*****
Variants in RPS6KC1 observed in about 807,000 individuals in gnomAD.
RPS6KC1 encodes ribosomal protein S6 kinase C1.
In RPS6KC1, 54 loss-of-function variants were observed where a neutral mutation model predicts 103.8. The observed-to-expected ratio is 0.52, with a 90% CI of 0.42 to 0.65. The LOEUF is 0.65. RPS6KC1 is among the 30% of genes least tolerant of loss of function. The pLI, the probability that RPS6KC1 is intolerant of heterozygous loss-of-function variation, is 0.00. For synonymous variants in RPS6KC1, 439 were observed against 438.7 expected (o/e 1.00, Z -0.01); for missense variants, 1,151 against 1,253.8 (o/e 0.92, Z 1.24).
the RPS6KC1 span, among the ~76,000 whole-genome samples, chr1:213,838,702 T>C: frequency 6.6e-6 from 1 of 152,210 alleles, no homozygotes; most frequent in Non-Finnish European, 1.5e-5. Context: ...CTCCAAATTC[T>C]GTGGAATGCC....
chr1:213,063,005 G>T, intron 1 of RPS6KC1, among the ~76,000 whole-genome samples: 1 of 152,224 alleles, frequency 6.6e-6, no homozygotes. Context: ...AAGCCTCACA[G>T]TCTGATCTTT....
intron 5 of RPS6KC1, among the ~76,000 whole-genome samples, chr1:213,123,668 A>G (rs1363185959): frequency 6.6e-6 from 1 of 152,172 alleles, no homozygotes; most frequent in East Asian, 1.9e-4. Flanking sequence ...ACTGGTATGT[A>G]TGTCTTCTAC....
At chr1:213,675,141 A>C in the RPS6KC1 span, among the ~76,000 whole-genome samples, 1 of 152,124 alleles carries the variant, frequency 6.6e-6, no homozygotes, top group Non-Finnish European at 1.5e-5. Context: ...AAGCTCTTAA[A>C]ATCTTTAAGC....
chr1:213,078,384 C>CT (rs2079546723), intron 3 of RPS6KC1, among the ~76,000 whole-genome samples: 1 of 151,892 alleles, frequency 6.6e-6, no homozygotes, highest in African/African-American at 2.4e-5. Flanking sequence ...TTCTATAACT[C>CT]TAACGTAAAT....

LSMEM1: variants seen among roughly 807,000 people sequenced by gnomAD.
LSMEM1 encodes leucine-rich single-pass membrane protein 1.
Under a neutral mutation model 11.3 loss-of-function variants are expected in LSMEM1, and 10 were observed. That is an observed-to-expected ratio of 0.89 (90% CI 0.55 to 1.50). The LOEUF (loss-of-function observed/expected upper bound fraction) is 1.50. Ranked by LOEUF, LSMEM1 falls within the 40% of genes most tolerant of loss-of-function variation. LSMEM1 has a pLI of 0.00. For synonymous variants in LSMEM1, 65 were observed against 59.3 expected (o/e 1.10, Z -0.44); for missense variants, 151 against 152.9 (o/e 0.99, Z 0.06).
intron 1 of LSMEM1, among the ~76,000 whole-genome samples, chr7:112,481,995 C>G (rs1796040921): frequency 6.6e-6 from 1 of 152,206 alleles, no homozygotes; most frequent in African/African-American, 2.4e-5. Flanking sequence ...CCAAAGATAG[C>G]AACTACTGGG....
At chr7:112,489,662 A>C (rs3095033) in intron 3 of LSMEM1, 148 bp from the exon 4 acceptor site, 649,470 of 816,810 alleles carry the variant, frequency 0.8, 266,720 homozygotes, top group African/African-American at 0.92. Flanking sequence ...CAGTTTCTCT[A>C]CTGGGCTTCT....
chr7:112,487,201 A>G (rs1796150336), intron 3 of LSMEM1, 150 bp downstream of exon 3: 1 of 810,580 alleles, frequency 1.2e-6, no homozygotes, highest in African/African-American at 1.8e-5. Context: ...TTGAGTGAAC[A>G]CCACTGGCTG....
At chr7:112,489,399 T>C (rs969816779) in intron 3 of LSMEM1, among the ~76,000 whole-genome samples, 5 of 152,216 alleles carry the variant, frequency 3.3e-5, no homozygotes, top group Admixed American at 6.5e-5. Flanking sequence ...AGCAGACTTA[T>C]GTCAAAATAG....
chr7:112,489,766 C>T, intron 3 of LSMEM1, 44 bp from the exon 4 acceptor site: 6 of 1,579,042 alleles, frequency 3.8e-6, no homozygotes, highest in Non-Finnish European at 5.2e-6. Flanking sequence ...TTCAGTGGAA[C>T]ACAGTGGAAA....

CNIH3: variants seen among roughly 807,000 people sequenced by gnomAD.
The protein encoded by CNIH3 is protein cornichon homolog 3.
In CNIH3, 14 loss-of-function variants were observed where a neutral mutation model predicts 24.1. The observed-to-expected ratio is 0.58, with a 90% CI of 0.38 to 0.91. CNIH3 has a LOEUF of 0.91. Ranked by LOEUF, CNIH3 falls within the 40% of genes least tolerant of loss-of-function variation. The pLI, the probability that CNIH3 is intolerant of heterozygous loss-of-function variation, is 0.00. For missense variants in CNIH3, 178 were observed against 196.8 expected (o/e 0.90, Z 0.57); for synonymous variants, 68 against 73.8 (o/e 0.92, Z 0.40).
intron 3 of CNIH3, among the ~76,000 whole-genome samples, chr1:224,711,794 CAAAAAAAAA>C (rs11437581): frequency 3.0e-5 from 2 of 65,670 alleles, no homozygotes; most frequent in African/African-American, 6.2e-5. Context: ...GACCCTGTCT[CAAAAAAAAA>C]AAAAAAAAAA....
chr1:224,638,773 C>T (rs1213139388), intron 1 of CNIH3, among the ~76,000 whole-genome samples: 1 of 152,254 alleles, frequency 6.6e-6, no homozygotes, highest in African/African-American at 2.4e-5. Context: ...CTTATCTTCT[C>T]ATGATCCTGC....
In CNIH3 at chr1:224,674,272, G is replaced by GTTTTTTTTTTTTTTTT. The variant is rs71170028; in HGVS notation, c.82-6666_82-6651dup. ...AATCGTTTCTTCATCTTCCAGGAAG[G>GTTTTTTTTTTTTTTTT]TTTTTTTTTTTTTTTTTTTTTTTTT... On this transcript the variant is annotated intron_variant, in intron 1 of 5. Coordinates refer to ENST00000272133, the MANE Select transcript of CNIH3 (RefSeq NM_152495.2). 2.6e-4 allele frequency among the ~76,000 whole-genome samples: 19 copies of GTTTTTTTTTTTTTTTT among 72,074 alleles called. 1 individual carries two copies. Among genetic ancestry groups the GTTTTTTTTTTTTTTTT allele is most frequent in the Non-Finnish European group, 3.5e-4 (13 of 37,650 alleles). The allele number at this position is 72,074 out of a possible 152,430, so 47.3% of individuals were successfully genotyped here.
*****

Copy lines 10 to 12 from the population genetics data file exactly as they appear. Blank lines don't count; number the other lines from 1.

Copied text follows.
LSMEM1 encodes leucine-rich single-pass membrane protein 1.
Under a neutral mutation model 11.3 loss-of-function variants are expected in LSMEM1, and 10 were observed. That is an observed-to-expected ratio of 0.89 (90% CI 0.55 to 1.50). The LOEUF (loss-of-function observed/expected upper bound fraction) is 1.50. Ranked by LOEUF, LSMEM1 falls within the 40% of genes most tolerant of loss-of-function variation. LSMEM1 has a pLI of 0.00. For synonymous variants in LSMEM1, 65 were observed against 59.3 expected (o/e 1.10, Z -0.44); for missense variants, 151 against 152.9 (o/e 0.99, Z 0.06).
intron 1 of LSMEM1, among the ~76,000 whole-genome samples, chr7:112,481,995 C>G (rs1796040921): frequency 6.6e-6 from 1 of 152,206 alleles, no homozygotes; most frequent in African/African-American, 2.4e-5. Flanking sequence ...CCAAAGATAG[C>G]AACTACTGGG....